• pedro-smith - March 8, 2012 5:07 p.m.

    This makes me so happy. Im so sick of retard in diablo 2 who think they can come into my game and fill it with spam about their shitty website. Keeping it all focused on an AH is a lazy way of banning the stupid bots, but if it works im all for it. If the bots werent your least favorite part of diablo 2, then you shouldnt be excited for diablo 3 anyway.
  • StoneDreadnaught - August 2, 2011 1:07 a.m.

    I am cautiously optimistic about this idea. It's certainly a strong step in the right direction to lessen/get rid of gold farmers, but I can see how this could go wrong should enough players start abusing the AH. If Blizz does managed a reasonable grip on this AH, and this 'nominal fee' isn't sky high, and the 3rd party system for 'cashing out' works, it just might be adopted by other MMO's. Now if only they'll take this idea and apply it to a particular in the real world... *glances at a poster of Cheech and Chong*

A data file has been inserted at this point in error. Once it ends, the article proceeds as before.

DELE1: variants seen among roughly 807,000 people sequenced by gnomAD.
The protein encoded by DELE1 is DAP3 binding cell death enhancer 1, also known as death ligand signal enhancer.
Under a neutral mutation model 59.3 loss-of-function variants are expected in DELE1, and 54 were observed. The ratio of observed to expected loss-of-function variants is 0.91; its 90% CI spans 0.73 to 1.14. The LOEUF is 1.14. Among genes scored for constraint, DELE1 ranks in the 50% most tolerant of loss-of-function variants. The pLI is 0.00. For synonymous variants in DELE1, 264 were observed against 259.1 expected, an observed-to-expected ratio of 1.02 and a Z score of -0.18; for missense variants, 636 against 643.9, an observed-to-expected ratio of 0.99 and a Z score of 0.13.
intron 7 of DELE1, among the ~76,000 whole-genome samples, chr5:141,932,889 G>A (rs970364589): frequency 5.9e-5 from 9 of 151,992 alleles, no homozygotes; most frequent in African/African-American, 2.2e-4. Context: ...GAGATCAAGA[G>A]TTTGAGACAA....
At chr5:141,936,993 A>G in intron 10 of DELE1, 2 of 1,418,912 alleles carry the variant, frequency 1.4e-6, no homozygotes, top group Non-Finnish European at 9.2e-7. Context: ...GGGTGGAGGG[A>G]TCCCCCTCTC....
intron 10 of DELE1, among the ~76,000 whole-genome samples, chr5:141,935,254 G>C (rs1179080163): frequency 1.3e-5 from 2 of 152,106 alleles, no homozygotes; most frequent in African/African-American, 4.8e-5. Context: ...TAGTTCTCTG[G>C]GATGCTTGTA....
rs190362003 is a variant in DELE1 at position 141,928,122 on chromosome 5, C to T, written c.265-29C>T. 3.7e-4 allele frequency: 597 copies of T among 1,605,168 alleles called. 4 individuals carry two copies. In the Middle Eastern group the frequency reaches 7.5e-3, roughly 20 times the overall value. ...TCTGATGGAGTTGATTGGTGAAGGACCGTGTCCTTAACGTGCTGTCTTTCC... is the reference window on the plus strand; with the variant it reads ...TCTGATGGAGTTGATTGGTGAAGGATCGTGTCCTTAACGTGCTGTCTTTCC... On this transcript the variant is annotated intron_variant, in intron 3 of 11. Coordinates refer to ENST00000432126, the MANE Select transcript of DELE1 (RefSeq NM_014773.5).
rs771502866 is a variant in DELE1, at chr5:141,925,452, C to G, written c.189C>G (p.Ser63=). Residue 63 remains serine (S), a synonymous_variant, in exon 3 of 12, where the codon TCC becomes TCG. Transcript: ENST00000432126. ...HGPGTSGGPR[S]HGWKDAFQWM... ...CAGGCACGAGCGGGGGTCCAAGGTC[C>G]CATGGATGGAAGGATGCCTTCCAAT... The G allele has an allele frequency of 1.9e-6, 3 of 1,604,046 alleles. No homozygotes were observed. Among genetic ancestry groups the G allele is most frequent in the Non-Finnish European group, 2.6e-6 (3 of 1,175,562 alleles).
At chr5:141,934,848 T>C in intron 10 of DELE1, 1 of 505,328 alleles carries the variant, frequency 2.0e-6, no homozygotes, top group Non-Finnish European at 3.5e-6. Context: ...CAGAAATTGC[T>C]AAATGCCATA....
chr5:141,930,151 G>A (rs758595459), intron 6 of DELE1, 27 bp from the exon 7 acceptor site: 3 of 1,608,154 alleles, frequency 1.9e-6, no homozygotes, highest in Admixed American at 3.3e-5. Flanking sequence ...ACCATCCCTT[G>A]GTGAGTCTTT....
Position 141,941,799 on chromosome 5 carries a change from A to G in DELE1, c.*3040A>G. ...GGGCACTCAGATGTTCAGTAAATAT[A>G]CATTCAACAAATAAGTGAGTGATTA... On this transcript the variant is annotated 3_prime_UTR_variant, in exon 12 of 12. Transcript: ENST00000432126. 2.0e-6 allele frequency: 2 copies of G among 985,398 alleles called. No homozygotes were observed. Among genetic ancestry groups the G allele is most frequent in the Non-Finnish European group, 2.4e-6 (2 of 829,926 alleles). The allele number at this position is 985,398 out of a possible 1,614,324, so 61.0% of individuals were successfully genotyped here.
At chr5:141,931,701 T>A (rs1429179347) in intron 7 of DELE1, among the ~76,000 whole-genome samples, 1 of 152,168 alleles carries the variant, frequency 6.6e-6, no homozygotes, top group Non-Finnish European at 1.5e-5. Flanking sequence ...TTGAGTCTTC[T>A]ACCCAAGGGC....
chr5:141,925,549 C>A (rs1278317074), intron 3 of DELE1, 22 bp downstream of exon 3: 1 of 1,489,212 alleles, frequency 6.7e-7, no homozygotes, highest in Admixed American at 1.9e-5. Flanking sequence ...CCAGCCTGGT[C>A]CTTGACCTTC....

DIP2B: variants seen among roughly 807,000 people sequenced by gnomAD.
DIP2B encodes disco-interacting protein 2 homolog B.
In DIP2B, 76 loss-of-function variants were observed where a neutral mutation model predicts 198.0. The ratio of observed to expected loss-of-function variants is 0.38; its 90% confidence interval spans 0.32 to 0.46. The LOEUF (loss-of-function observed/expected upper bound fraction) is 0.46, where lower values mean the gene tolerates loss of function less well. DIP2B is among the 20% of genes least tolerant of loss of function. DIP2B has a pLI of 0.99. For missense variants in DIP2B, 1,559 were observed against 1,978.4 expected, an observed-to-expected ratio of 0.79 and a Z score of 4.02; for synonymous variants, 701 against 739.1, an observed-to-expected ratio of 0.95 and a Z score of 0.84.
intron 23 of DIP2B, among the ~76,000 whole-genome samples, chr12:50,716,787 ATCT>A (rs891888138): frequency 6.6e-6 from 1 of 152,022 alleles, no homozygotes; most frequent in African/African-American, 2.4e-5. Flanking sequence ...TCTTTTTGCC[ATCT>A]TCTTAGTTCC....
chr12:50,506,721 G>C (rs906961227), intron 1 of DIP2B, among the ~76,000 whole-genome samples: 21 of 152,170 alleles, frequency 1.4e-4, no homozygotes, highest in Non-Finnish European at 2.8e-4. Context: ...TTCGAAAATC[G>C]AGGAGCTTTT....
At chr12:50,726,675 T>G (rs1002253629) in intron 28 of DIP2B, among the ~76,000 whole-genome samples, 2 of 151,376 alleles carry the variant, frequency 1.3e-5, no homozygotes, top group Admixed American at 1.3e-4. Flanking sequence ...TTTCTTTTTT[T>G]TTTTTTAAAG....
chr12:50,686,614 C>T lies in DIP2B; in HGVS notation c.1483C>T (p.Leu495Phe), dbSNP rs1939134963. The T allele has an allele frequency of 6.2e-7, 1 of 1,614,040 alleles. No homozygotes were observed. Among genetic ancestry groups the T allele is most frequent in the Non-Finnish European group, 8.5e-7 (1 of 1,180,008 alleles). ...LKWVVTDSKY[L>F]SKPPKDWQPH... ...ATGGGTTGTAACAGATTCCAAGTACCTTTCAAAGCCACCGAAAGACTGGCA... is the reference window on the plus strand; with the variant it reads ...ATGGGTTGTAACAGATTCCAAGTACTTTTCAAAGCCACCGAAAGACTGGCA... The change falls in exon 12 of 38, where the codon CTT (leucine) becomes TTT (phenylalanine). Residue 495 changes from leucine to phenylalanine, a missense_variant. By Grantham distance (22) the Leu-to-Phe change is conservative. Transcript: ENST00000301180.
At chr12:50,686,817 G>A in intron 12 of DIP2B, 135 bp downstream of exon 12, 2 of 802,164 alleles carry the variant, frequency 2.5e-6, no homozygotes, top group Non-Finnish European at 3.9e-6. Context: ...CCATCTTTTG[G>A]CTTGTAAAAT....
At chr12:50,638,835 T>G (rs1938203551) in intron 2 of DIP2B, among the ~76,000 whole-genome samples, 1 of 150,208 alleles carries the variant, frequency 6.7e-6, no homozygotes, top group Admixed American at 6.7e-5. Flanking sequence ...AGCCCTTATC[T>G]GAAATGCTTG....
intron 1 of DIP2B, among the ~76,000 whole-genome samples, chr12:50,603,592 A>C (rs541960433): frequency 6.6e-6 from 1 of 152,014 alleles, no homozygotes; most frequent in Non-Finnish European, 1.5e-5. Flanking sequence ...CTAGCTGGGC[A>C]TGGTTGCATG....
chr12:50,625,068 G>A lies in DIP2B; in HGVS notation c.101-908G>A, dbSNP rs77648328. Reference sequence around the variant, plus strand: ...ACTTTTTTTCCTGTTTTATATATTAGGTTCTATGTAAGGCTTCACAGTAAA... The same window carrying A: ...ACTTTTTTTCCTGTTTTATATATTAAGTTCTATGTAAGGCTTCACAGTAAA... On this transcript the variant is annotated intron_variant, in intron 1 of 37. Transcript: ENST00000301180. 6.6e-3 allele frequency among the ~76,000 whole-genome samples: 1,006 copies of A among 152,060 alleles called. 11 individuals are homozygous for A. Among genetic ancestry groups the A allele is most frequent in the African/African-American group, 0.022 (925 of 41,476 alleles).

• wrayday - August 2, 2011 12:09 a.m.

    this has the potential to rank up with the disasters of the Hindenburg and the titanic for colossal bad ideas. I cancelled my WoW account after repeated brute forcing attempts made it impossible for me to log in without having to constantly reset my password to unlock my account. Now I would have to contend with the loss of real world income. I hope somewhere some lawyer stands up and says "This is a bad idea!"
  • D0CCON - August 1, 2011 7:28 p.m.

    @Hobojedi It doesn't look like it. It costs some money to put up an item, even if it doesn't get sold, so most people aren't going to waste their time and money offering crap to people. I'm guessing you didn't read the full article.
  • PimplesInYourAsstista - August 1, 2011 7:23 p.m.

    Don't like paying real money? Then don't. Stop bitching. db1221 hit the nail on the head here.
  • ShadowFoxNinja09 - August 1, 2011 6:04 p.m.